Cleaning up the city's act Police: A new 25-member uniformed force will soon have the power to fine residents for sanitation violations that formerly resulted in warnings.

November 13, 1997|By Christian Ewell | Christian Ewell,SUN STAFF

About noon yesterday, Capt. Charles White and Sgt. Derrick Purvey of the city's new sanitation police found respect.

In the hunt for a trash violator, they pulled their cruiser over to the curb in the 2000 block of Wilkens Ave.

Their car had the look of law enforcement: an unadorned dark blue. White and Purvey wore badges on their uniforms, which feature green pants with black trim.

As they emerged from the car, the few people present jumped and gave the officers looks that seemed to say, "I didn't do anything."

"It will help us do our jobs," Purvey, 30, said of the uniforms. "People will respect the uniform."

Purvey and White began their rounds yesterday as part of a new police force -- created by the departments of health, public works, housing and police -- that is charged with enforcing sanitation ordinances.

In the past, people did not pay much attention to citations for unsanitary practices, said White and Purvey, both of whom came from the Bureau of Solid Waste.

Those citations amounted to warnings -- there was no penalty for zTC ignoring them. So even though he stands 6 feet 5 inches tall and weighs nearly 300 pounds, Purvey said, people responded to him in one of three ways:

"People would say, 'Yeah right, we'll clean it up,' " Purvey said. "Some people just said, 'You can't do nothing to me,' and some people laughed. They thought we were wasting time and the taxpayers' money. They didn't appreciate what we were trying to do."

The goal yesterday, and until Jan. 1, will be to educate residents about their responsibilities. After that, Purvey and White, 50, will have punitive powers.

The sanitation police will then be able, without warning, to impose fines of $25 to $250. They will focus mostly on residents who have trash out of containers or trash outside on days when there is no pickup but also will look for such things as violations of building, zoning, fire, food vending, water, sewer and transportation codes.

White said the deterrence factor helped him decide to join the sanitation police. "I was writing up warnings, but it was only a scare tactic," he said. "To be told something is a lot different than to be made to do it because of fines."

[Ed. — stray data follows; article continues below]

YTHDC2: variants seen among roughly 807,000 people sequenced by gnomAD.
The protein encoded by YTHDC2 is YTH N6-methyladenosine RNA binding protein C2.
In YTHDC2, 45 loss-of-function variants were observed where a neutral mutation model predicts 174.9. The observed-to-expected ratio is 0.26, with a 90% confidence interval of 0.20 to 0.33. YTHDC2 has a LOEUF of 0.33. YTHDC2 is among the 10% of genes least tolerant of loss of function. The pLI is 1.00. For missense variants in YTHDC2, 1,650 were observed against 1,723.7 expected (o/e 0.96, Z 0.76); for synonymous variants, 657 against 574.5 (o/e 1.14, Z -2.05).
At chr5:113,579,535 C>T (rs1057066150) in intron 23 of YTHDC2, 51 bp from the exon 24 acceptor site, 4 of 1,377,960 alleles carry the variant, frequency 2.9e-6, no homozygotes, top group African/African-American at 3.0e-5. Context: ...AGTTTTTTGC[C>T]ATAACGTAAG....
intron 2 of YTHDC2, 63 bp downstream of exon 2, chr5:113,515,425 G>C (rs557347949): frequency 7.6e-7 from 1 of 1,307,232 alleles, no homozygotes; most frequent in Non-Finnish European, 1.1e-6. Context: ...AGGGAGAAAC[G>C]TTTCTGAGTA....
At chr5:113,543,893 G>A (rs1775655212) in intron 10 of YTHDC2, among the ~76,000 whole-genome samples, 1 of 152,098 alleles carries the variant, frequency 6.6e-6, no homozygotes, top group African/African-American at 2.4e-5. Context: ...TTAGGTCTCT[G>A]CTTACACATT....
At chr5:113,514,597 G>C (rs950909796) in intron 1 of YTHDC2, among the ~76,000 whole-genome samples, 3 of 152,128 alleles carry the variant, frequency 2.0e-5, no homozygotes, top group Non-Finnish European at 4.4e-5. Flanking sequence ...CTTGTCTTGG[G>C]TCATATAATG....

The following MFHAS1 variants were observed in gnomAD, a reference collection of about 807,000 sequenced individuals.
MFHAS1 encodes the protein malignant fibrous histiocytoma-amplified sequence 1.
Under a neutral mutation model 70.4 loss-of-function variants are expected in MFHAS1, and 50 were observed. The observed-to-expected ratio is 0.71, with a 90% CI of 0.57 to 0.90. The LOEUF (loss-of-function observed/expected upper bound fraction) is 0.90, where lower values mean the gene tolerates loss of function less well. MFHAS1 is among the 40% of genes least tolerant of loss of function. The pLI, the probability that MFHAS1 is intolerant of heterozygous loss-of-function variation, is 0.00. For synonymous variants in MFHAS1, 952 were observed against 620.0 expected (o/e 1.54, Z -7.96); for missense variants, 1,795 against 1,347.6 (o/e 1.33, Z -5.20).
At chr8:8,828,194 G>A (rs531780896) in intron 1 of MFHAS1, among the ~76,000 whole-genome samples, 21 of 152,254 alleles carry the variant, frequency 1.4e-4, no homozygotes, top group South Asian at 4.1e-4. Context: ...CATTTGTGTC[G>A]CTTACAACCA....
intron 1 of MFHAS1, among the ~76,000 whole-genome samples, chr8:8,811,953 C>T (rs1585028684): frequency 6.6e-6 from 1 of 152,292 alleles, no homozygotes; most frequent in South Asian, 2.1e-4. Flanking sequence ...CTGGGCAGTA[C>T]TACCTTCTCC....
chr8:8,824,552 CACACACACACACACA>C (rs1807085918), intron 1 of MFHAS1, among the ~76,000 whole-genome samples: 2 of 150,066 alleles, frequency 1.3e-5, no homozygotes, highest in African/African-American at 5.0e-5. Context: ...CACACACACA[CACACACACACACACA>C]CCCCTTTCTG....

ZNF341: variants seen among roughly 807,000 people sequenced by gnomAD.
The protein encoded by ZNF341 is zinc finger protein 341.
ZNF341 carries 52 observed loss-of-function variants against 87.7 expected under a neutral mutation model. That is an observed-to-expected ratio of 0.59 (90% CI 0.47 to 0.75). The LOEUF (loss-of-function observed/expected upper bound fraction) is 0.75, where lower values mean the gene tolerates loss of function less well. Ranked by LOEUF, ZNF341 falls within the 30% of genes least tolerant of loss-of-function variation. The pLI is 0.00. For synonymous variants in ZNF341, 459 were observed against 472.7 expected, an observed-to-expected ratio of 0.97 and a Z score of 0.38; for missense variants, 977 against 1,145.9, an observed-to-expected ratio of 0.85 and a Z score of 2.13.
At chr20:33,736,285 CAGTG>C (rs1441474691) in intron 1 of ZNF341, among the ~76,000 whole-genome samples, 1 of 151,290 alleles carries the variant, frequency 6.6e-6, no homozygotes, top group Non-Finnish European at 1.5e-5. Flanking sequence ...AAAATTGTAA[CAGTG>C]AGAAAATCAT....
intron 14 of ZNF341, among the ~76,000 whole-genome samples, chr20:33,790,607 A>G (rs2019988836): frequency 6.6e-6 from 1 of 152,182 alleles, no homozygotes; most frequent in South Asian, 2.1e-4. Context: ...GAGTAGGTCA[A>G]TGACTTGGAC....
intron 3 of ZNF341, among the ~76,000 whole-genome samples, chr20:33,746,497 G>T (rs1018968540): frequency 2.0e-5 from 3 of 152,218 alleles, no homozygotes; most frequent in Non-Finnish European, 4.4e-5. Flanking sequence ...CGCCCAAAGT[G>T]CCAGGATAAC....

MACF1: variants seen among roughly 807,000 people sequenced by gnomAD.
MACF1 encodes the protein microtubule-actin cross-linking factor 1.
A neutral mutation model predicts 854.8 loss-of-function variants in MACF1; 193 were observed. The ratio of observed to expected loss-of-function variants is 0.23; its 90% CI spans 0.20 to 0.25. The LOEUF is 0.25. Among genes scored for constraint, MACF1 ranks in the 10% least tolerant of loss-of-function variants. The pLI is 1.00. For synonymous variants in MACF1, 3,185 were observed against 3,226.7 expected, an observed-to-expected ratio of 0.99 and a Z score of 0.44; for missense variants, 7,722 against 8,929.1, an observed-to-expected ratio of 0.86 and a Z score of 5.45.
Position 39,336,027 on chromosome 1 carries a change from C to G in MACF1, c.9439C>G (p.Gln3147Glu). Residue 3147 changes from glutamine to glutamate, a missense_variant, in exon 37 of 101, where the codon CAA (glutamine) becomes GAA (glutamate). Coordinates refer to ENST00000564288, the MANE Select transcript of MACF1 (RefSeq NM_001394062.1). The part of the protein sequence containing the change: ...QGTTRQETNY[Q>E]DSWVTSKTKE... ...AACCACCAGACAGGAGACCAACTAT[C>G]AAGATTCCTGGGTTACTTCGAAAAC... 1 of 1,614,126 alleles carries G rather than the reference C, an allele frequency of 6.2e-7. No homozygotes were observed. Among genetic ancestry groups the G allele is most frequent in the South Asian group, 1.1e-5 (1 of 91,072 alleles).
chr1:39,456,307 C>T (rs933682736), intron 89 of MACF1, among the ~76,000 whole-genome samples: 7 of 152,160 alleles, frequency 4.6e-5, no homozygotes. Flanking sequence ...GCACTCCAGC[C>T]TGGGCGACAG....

A violator who fails to pay a fine or dispute it in District Court could be arrested.

White, Purvey and the rest of the 25 sanitation police officers will be busy, if certain blocks in Southwest Baltimore are any indication. In the middle of the 2000 block of Wilkens Ave. yesterday, a trash bag, hanging open on an outdoor faucet, contained a disposable coffee cup and assorted empty bottles: orange soda, gin and malt liquor. Another trash bag sat on the ground next to it.

Behind the block, between Wilkens Avenue and Christian Street, three dogs roamed an alley where some trash bags were on the ground and some hung from fences. There was trash on the ground from bags the dogs had chewed.

There were also trash bags in the alley the 1100 block of Washington Blvd. in Pigtown, but but the eye-catcher was the old black BMW in a back yard, wheels rusted and weeds rising from beneath its tires.

White and Purvey checked off numerous violations in the yard, starting with the car. Elevated vegetation, check. Sixty-gallon drum, check. Then there were the swing set, the tricycle, the bicycle and the wicker basket, all overdue for a trip to the landfill.

Judging from the swing set, White guessed that there were children living in the house but added, "Would you let your child play in this back yard?"

"We've gotten people to do the right thing, but there are a lot of people who don't care," said Purvey. "I saw the waste, and I know where the problem areas are."

The toughest part of the education effort will be convincing residents that they need containers with tight lids, the officers said. The laws on trash containment are known to few residents, even though they have been on the books since 1918, White said.

Another complication, White and Purvey said, is the city's difficulty cleaning up its own messes, such as demolished rowhouses.

"People will say, 'You're talking to me, but what about those houses,' " White said.

But Purvey said the sanitation police can't worry about the city's housing agencies.

"If you pay taxes on this house, you have to worry about the contents of this house," Purvey said. "If you're doing what you're supposed to do, this city will be clean."

Pub Date: 11/13/97

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